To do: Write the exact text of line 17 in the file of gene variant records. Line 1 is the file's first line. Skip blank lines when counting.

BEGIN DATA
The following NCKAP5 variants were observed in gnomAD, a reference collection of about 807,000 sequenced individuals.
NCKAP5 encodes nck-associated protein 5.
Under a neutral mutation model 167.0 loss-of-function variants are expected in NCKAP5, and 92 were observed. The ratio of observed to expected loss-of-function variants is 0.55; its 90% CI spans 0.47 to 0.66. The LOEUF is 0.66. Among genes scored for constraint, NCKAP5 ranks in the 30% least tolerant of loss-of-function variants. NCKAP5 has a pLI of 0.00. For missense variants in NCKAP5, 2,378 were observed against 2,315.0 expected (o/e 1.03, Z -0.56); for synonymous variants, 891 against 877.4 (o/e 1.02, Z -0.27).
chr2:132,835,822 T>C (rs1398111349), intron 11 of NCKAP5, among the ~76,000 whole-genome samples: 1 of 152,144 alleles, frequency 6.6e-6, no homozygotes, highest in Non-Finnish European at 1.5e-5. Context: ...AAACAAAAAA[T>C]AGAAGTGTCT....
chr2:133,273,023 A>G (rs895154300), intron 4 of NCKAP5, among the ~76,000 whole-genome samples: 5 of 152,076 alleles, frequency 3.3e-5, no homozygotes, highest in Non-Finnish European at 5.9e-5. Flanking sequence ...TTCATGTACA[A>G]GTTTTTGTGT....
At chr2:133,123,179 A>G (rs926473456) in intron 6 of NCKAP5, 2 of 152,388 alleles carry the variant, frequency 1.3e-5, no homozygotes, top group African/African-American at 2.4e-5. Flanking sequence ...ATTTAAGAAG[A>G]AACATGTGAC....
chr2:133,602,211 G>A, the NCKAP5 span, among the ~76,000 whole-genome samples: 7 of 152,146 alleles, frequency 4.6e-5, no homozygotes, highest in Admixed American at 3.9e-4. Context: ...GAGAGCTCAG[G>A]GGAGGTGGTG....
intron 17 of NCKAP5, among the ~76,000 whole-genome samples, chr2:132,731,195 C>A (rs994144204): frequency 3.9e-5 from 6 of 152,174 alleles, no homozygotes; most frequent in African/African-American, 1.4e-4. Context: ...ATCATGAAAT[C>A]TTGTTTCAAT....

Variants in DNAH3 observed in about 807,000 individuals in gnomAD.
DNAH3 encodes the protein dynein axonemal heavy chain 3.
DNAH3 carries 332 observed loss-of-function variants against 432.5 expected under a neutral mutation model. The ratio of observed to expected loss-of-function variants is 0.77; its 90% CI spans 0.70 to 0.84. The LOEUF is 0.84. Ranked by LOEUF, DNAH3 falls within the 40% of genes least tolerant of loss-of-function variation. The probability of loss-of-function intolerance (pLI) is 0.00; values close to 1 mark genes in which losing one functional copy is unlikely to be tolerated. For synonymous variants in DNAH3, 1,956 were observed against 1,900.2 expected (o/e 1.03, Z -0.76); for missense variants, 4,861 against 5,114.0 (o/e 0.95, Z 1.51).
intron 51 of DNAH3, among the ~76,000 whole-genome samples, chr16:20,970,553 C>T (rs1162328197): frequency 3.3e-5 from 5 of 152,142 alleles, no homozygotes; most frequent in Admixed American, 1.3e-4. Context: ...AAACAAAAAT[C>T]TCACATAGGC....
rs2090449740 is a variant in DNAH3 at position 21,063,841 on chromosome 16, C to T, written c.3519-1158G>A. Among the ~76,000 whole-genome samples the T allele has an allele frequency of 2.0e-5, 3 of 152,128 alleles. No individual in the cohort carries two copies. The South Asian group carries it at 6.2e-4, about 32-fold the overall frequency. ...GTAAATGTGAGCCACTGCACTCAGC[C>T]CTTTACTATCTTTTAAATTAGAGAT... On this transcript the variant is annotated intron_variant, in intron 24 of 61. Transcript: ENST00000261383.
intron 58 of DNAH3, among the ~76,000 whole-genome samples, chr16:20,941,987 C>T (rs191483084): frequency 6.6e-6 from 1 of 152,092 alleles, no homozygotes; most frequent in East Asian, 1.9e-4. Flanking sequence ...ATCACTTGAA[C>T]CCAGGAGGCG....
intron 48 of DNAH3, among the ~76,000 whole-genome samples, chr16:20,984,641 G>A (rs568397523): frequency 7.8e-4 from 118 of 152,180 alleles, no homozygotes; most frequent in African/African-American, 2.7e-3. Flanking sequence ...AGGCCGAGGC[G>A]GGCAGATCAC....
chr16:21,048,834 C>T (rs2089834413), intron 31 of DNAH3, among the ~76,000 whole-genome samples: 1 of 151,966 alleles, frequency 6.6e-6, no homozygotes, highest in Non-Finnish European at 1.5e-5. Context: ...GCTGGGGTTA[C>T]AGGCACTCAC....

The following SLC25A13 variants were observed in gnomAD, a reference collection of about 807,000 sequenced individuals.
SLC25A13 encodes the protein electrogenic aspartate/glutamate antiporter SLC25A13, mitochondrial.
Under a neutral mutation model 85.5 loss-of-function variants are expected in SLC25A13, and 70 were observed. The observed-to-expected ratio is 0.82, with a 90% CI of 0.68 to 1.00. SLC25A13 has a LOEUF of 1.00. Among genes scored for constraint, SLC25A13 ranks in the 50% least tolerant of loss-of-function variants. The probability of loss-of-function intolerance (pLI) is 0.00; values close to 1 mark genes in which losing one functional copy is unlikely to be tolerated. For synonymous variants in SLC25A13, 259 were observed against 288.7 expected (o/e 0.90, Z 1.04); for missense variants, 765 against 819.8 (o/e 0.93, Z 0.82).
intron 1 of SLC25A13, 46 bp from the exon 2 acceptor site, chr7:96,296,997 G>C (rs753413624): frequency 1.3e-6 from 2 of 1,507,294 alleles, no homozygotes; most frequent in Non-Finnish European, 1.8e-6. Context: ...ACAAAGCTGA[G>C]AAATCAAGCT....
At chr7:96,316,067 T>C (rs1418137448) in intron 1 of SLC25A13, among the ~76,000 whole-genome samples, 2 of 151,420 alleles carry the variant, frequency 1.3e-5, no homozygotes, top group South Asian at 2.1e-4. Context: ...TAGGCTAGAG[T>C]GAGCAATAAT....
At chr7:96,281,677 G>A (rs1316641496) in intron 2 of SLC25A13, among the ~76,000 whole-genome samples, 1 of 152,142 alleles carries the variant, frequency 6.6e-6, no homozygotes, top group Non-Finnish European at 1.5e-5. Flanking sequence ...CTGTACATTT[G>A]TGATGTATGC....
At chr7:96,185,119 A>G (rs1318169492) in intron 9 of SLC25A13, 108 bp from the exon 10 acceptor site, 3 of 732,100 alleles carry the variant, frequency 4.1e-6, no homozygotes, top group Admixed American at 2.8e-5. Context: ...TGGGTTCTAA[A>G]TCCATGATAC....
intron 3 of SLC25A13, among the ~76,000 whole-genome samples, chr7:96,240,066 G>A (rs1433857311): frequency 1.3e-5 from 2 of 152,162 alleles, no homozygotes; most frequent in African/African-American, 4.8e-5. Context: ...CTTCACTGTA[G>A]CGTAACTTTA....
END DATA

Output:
The following SLC25A13 variants were observed in gnomAD, a reference collection of about 807,000 sequenced individuals.